Remember how good The Simpsons was during seasons 4 through 7? Well, this movie recaptures all of that and more. Seeing my favorite characters ever on a big screen was simply a blast, and the way director David Silverman took the Springfield template and made it even bigger than I ever imagined before was no small feat. The multitude of writers that worked on the script got back to what I always thought was the heart of the series—the struggles the family would go through and how Homer and Marge’s love for each other would win out in the end. The best Simpsons episodes were never the ones that had gag after gag that didn’t really relate together. They always had the family’s troubles at the core, and the movie solidly plants itself into the dynamics of the family. Oh, and it’s also kind of funny. I mean barely able to sit up and catch my breath and sweat through my shirt and draw looks from other people in the theater because I’m guffawing at the top of my lungs at inside jokes that only me, my old roommate and fellow Simpsonsaphile Joe and four other people in the audience caught because we have seen every episode and own every DVD of every season they’ve released so far. (Whew, gotta catch my breath after that run on sentence.) And I’m surprised to say it, but I think that storytelling and that mindset of expanding the scope of Springfield visually has bleed into the current season of the show. I’ve enjoyed this season more than any of the past three. It’s good to know that Homer and company aren’t done yet.

2) Flight of the Conchords (HBO)
What Spinal Tap did for heavy metal acts, Flight of the Conchords does the same for comedic folk duos…or something like that. More than a few critics compared this HBO series to another one that debuted a decade ago, Tenacious D. While both shows feature the trials and tribulations of less than successful duos, the Conchords’ subtle humor ages better than the in your face acting of Jack Black and Kyle Gass. It helps that Jemaine Clement and Bret McKenzie write songs that would be catchy even if they didn’t have absurd lyrics about David Bowie, Frodo and being a part-time model. Each of the videos they made for these songs are hysterical by themselves, but how they carry along the storylines is pure genius. In fact, my favorite episode of the entire season, titled “What Goes on Tour,” featured no videos at all, just a horribly bungled “tour” booked by their manager Murray. Rhys Darby has a breakout role here as Murray, a grunt worker at the New Zealand consulate who calls band meetings and takes attendance when its only the three of them and is perhaps the least qualified band manager in history. And Kristen Schaal is a scene stealer as their one fan, Mel, a stalker who conveniently runs into the guys everywhere. Stalking has never been this funny. This first season of the show used most of the songs Clement and McKenzie had written for their act when they took it on the road, so my only fear is that they won’t come up with enough good songs to drive next season’s plots. But as long as their fictional selves keep failing at success, I’ll be watching.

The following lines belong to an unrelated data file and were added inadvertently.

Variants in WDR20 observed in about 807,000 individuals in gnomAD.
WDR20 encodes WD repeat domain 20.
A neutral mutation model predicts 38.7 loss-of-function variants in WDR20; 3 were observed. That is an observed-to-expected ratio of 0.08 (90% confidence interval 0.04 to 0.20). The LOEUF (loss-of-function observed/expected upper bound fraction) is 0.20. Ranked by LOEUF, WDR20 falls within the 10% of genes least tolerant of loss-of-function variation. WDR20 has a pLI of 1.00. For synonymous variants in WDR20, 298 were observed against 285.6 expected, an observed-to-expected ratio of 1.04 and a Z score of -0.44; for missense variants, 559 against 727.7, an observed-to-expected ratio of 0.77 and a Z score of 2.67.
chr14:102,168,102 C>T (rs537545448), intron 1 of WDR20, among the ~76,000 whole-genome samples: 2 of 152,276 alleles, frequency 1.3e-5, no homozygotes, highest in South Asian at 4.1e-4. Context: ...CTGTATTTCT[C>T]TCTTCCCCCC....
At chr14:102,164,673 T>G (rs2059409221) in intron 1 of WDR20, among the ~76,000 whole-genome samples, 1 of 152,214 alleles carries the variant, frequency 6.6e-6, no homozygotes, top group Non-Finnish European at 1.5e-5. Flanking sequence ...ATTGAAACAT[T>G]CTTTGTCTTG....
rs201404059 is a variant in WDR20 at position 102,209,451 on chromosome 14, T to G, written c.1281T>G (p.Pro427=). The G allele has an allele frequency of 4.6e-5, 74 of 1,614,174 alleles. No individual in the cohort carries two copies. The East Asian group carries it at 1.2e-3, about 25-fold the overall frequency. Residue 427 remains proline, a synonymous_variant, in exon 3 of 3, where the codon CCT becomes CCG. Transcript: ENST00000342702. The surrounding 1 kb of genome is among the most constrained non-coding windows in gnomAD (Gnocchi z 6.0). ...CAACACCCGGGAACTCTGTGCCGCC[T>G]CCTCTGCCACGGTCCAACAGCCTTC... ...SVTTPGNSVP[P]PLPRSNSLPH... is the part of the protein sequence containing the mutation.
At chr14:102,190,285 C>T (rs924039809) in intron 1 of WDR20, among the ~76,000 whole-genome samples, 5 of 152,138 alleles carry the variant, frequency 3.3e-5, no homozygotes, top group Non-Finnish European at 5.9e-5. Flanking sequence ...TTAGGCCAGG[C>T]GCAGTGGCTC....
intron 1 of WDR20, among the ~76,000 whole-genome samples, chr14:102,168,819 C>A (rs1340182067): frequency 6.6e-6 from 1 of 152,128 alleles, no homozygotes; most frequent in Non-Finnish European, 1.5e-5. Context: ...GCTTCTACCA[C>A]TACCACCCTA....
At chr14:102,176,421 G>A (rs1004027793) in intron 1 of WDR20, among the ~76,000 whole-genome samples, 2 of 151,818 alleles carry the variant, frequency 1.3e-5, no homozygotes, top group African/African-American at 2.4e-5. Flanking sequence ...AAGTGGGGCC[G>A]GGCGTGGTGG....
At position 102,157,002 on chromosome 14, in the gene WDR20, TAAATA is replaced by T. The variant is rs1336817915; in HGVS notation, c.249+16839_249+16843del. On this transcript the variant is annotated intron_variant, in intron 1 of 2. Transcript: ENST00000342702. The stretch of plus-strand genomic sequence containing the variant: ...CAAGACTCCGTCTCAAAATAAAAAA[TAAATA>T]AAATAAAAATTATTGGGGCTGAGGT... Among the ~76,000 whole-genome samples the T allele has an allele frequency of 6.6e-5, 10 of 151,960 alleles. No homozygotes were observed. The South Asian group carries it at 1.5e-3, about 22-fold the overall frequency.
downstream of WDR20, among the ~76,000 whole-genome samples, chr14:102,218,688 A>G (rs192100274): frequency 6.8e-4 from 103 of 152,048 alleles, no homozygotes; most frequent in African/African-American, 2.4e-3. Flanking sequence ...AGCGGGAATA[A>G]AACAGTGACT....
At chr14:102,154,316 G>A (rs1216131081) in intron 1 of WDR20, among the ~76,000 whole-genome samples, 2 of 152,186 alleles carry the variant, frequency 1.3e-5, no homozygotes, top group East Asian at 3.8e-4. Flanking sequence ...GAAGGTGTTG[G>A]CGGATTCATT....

1) No Country for Old Men (Paramount Vantage/Miramax)
For most folks you could boil down this latest project from the Coen Brothers as Fargo meets 1980 Texas. That would be giving this year’s best film a short shrift. Based upon the Cormac McCarthy novel (and ripping pages and pages of dialogue directly from the book), No Country is an amazing meditation on good, evil, our penchant for violence and the changing state of morality in America the past 25 years. And it does so without offering a tidy ending, just one of the main characters ruminating upon the state of our world. That character, Tommy Lee Jones’ Sheriff Ed Tom Bell is the closest link to Fargo. He spins out some folksy lines about crime with a bit of a twinkle is his eye. When Jones and a deputy encounter a gory scene (I don’t want to give away any more plot than I already have), the deputy says, “It’s a mess, ain’t it, Sheriff?” and the sheriff answers, “If it ain’t, it’ll do ’till the mess gets here.” Jones is joined in his Oscar-caliber acting by one-time Oscar nominee Javier Bardiem, whose Anton Chigurh is one of the most evil characters to appear on the big screen, and Josh Brolin, who deserves an Oscar nomination for his portrayal of a cowboy whose moral dilemma puts him directly into harm’s way. As I write this it’s been a couple of weeks since I’ve seen No Country and I’ve been tempted to go back just to watch the acting clinic these three put on. As cliché as the phrase is, I have to say this is a must see movie. It’s the rare film that will leave an impression upon you for a long time.